A passionate, important study of the current affairs of a volatile region.

VIGIL

HONG KONG ON THE BRINK

A longtime observer of Hong Kong protest movements argues that the autonomy of the region is being eroded by Beijing authority—not gradually and probably irreparably.

In this well-organized, strikingly relevant work, Wasserstrom (History/Univ. of California, Irvine; Chinese Characters: Profiles of Fast-Changing Lives in a Fast-Changing Land, 2012, etc.) argues that the designation of Hong Kong by China and Britain in the handover of 1997 as a Special Administrative Region enjoying “a high degree of autonomy” is being threatened. While originally the Western assumption was that Hong Kong, as the region bringing much of the economic boom to China, would be too valuable to Beijing to disrupt by its repressive measures, the reality seems to be that Beijing’s tentacles are pervasive and continue to tighten. Disappearances of protestors, forced confessions, the threat of extradition law, the installation of puppet legislators, the resistance to universal suffrage—these are just a few of the familiar “screws” that mainland officials are implementing. The author provides a penetrating review of the situation through on-the-ground reporting and interviews with protest leaders like Joshua Wong and Chris Patten, the last British governor of Hong Kong. Wasserstrom works through the history of the region as a British colonial hub of trade in the mid-1800s and its subsequent enormous economic growth, overtaking even Shanghai after World War II. “Shanghai, after falling in 1949,” writes the author, “was an example of a Golden Goose that the Communists killed not long after taking control of it.” While there have been many victories for the democratic movement since renewed protests this year—e.g., pushing back against a new “moral and national education plan,” which smacked of censorship—the protest movement’s other demands—directly electing the chief executive, the release of prisoners, investigation of police brutality, and immediate universal suffrage, among them—have not been met. Without civil disobedience and international pressure, Wasserstrom fears that Hong Kong will become a “captive colony of Beijing.”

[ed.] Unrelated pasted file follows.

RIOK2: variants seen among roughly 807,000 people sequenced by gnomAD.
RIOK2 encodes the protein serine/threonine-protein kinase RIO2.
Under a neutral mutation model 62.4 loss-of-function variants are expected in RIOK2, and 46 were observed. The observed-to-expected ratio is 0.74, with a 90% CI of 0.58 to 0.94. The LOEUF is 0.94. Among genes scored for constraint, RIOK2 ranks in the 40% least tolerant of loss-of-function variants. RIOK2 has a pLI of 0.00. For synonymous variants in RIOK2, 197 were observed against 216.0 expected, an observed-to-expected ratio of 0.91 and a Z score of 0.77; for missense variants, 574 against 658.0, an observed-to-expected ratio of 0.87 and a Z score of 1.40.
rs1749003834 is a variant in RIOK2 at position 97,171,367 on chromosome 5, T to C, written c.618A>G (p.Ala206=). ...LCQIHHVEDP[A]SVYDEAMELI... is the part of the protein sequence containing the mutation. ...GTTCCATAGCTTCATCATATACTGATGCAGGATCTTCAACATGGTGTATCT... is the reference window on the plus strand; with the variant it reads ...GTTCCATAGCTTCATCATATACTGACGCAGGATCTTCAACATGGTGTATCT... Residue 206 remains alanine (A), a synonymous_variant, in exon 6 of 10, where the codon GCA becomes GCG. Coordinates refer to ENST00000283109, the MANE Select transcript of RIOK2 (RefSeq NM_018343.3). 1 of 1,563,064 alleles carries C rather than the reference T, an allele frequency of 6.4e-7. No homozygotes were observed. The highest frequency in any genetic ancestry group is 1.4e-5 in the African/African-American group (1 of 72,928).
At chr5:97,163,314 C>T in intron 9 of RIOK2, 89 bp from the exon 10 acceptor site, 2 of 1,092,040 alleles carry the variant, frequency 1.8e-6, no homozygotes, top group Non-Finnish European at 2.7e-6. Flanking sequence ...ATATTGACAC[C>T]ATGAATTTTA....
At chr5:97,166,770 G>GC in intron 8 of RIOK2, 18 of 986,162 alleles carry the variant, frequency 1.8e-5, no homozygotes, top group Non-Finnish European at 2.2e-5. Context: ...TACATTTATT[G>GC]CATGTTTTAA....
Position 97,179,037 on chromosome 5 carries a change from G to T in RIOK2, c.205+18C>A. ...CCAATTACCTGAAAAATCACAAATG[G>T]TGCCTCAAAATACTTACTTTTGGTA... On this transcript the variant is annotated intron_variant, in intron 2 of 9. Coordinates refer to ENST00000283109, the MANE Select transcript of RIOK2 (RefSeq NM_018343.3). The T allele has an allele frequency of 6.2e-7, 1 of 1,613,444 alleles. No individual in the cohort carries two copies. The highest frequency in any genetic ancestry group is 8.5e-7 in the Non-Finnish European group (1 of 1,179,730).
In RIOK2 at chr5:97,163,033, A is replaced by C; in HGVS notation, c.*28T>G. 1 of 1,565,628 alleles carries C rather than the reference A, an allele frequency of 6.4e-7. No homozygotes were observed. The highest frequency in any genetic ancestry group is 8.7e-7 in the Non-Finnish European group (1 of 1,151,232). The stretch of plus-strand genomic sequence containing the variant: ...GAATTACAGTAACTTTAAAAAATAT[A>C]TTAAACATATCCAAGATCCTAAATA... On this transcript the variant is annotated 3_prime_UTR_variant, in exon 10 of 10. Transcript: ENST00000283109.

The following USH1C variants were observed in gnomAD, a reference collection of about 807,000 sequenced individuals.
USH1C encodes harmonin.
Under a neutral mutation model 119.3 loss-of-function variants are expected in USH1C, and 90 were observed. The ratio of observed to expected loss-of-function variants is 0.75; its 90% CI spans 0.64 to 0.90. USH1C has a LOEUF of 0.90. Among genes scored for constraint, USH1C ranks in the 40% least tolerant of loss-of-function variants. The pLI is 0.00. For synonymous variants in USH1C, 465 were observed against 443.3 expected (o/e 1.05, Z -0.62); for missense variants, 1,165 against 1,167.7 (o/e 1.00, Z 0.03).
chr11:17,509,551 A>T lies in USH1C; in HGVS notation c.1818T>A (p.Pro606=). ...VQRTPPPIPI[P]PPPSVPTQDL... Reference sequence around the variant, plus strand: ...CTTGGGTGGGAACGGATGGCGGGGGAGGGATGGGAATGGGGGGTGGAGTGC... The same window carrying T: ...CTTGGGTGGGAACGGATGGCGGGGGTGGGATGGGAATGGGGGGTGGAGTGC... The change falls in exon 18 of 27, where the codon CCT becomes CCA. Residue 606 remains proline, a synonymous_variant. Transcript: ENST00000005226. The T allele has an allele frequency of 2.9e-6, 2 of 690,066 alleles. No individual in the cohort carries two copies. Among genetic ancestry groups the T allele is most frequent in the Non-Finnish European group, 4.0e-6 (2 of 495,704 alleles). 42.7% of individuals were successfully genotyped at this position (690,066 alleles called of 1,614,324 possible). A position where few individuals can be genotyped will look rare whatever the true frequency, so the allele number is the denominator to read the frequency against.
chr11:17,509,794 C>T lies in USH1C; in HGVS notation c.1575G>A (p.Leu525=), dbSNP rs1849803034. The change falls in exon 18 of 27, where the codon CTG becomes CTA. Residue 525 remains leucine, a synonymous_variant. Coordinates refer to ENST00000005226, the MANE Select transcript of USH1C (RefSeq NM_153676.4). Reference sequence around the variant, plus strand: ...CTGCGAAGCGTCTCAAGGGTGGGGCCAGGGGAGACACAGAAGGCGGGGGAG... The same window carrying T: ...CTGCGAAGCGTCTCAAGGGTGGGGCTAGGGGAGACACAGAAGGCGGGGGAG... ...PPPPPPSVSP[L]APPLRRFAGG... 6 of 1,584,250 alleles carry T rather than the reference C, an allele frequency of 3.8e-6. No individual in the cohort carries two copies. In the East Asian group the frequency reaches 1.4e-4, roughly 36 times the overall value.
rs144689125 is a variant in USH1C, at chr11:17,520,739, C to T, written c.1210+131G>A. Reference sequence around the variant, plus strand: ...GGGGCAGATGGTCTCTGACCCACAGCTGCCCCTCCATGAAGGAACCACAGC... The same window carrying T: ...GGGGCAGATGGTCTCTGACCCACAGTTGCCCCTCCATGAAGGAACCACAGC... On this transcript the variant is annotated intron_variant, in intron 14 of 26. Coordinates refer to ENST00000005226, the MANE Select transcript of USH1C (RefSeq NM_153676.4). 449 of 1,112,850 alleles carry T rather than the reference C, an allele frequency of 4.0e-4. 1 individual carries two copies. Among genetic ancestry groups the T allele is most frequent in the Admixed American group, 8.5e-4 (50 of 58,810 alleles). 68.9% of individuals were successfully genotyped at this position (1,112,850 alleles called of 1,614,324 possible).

A passionate, important study of the current affairs of a volatile region.

Pub Date: Feb. 11, 2020

ISBN: 978-1-73362-374-2

Page Count: 120

Publisher: Columbia Global Reports

Review Posted Online: Dec. 18, 2019

Kirkus Reviews Issue: Jan. 15, 2020

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The author's youthfulness helps to assure the inevitable comparison with the Anne Frank diary although over and above the...

NIGHT

Elie Wiesel spent his early years in a small Transylvanian town as one of four children. 

He was the only one of the family to survive what Francois Maurois, in his introduction, calls the "human holocaust" of the persecution of the Jews, which began with the restrictions, the singularization of the yellow star, the enclosure within the ghetto, and went on to the mass deportations to the ovens of Auschwitz and Buchenwald. There are unforgettable and horrifying scenes here in this spare and sombre memoir of this experience of the hanging of a child, of his first farewell with his father who leaves him an inheritance of a knife and a spoon, and of his last goodbye at Buchenwald his father's corpse is already cold let alone the long months of survival under unconscionable conditions.